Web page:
“The magic moment where they understand mindfulness is when they can catch themselves not paying attention. That’s their chance to control their impulsivity,” Boston dad Andre Kelly said. “It helps them stop themselves from doing things like jumping on the couch or whacking their younger brother.”
Kelly practices mindfulness meditation with his 10 year old son each morning before school. He is one of a growing number of parents who are teaching their children mindfulness practices such as meditation and yoga to help them relax and be calm.
Many more adults are starting to practice mindfulness and meditation to help guard against the damaging effects of stress. Parents know that their youngsters are not immune from those effects. In fact they find that mindfulness, the practice of focusing awareness in the present moment, helps to curb kids’ impulsivity and reduces the symptoms of depression.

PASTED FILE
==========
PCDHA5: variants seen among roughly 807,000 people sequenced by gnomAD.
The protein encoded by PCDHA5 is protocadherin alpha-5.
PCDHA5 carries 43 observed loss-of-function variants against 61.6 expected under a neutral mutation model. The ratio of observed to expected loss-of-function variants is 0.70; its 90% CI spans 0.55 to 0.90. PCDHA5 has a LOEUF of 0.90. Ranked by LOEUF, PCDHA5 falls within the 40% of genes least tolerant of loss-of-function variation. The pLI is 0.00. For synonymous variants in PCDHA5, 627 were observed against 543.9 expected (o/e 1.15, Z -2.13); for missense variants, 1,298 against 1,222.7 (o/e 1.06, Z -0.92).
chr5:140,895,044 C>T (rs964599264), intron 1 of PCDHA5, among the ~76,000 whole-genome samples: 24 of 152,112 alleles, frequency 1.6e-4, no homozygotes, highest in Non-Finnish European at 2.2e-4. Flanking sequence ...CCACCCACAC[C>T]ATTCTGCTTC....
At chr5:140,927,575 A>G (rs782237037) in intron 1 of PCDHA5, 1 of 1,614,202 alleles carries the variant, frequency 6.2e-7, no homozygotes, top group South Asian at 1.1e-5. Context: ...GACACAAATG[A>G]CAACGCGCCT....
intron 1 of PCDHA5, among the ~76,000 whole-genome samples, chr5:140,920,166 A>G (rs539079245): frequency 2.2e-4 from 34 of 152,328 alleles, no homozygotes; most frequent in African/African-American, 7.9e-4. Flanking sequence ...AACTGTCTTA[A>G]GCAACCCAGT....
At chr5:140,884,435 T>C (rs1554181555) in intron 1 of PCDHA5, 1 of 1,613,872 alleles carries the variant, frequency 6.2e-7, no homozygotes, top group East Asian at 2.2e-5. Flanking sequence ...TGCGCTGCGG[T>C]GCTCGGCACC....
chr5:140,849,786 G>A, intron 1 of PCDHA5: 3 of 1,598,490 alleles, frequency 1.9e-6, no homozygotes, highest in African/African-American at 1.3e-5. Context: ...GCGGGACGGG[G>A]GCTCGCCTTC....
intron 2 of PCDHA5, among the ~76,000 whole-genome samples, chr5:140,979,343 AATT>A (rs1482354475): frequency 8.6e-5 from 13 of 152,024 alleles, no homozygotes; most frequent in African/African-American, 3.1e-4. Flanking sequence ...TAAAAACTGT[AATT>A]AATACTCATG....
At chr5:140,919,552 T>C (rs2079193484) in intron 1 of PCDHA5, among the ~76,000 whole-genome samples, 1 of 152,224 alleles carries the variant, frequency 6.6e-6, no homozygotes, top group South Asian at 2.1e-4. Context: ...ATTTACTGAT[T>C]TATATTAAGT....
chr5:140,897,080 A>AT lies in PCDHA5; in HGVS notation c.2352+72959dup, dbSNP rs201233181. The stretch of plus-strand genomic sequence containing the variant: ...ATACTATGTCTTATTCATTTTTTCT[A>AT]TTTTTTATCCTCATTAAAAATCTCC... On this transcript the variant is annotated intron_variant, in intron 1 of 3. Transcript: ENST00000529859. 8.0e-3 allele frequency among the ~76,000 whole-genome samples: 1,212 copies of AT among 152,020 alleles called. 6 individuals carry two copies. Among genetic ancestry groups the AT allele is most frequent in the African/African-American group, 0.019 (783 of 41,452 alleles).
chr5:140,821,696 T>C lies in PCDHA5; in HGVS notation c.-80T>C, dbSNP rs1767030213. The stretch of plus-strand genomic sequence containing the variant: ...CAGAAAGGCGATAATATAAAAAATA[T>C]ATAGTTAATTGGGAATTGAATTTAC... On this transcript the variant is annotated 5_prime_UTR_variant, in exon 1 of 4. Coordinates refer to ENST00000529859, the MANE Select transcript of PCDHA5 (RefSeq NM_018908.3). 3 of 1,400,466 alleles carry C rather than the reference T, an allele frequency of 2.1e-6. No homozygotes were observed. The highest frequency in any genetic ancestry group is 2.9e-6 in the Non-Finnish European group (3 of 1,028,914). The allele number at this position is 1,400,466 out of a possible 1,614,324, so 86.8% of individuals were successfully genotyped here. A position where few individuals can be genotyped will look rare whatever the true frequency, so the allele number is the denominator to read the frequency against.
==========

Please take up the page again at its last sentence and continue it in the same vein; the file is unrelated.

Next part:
Susan Kaiser Greenland, the author of The Mindful Child, called for a “mindful revolution in education” in a 2010 blog in the HuffPost. Her call to action includes integrating mindfulness into everyday activities as well as play.
She wrote, “Mindfulness is a refined process of attention that allows children to see the world through a lens of attention, balance and compassion. When children learn to look at the world with attention, balance and compassion they soon learn to be in the world with attention, balance and compassion.”
Not everyone agrees. In Ohio, a mindfulness program was shut down when parents complained that the practices are tied to Eastern religions. More recently, an Ashtanga yoga program was discontinued in California because of a lawsuit filed by parents who objected to what they felt were the inherently religious aspects of yoga practice.
Parents who embrace the practice of mindfulness and meditation in their own lives are eager to share their calm with their children.
“Taking the time to breathe and remember that my goal is to be kind in all of my interactions, including with my little girl, helps me show more patience instead of just getting immediately upset,” mother and CT Working Moms editor Michelle Noehren writes on HuffPost Parents. “As a wonderful consequence, I don’t yell anymore.”